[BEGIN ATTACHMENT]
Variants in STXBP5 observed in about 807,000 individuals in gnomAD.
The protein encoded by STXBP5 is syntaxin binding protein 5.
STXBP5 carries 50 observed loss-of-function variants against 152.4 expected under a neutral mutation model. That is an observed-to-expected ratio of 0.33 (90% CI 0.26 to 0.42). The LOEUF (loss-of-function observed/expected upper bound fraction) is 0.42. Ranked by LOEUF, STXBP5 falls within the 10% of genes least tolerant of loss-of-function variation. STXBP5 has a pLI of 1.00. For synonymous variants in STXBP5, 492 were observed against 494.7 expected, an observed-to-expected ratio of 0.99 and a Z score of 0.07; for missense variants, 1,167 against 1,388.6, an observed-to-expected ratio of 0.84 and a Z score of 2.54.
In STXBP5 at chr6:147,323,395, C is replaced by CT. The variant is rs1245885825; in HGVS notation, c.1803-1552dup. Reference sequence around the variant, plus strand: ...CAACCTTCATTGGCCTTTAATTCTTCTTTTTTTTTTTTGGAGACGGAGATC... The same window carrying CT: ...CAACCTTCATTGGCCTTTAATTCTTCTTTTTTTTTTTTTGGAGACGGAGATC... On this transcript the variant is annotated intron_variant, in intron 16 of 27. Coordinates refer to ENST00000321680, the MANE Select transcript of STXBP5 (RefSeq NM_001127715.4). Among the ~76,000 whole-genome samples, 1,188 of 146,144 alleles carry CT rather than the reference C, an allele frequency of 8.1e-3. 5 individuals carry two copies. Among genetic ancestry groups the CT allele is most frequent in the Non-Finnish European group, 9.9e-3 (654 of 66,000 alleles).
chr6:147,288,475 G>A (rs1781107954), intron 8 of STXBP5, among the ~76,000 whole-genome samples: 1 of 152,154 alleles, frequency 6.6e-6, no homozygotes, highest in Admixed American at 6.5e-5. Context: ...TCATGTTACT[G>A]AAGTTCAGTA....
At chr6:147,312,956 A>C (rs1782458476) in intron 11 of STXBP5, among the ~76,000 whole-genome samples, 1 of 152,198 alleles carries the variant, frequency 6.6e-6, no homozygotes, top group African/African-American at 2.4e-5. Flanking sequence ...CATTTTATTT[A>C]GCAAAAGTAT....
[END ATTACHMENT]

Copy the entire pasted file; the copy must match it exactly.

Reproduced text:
Variants in STXBP5 observed in about 807,000 individuals in gnomAD.
The protein encoded by STXBP5 is syntaxin binding protein 5.
STXBP5 carries 50 observed loss-of-function variants against 152.4 expected under a neutral mutation model. That is an observed-to-expected ratio of 0.33 (90% CI 0.26 to 0.42). The LOEUF (loss-of-function observed/expected upper bound fraction) is 0.42. Ranked by LOEUF, STXBP5 falls within the 10% of genes least tolerant of loss-of-function variation. STXBP5 has a pLI of 1.00. For synonymous variants in STXBP5, 492 were observed against 494.7 expected, an observed-to-expected ratio of 0.99 and a Z score of 0.07; for missense variants, 1,167 against 1,388.6, an observed-to-expected ratio of 0.84 and a Z score of 2.54.
In STXBP5 at chr6:147,323,395, C is replaced by CT. The variant is rs1245885825; in HGVS notation, c.1803-1552dup. Reference sequence around the variant, plus strand: ...CAACCTTCATTGGCCTTTAATTCTTCTTTTTTTTTTTTGGAGACGGAGATC... The same window carrying CT: ...CAACCTTCATTGGCCTTTAATTCTTCTTTTTTTTTTTTTGGAGACGGAGATC... On this transcript the variant is annotated intron_variant, in intron 16 of 27. Coordinates refer to ENST00000321680, the MANE Select transcript of STXBP5 (RefSeq NM_001127715.4). Among the ~76,000 whole-genome samples, 1,188 of 146,144 alleles carry CT rather than the reference C, an allele frequency of 8.1e-3. 5 individuals carry two copies. Among genetic ancestry groups the CT allele is most frequent in the Non-Finnish European group, 9.9e-3 (654 of 66,000 alleles).
chr6:147,288,475 G>A (rs1781107954), intron 8 of STXBP5, among the ~76,000 whole-genome samples: 1 of 152,154 alleles, frequency 6.6e-6, no homozygotes, highest in Admixed American at 6.5e-5. Context: ...TCATGTTACT[G>A]AAGTTCAGTA....
At chr6:147,312,956 A>C (rs1782458476) in intron 11 of STXBP5, among the ~76,000 whole-genome samples, 1 of 152,198 alleles carries the variant, frequency 6.6e-6, no homozygotes, top group African/African-American at 2.4e-5. Flanking sequence ...CATTTTATTT[A>C]GCAAAAGTAT....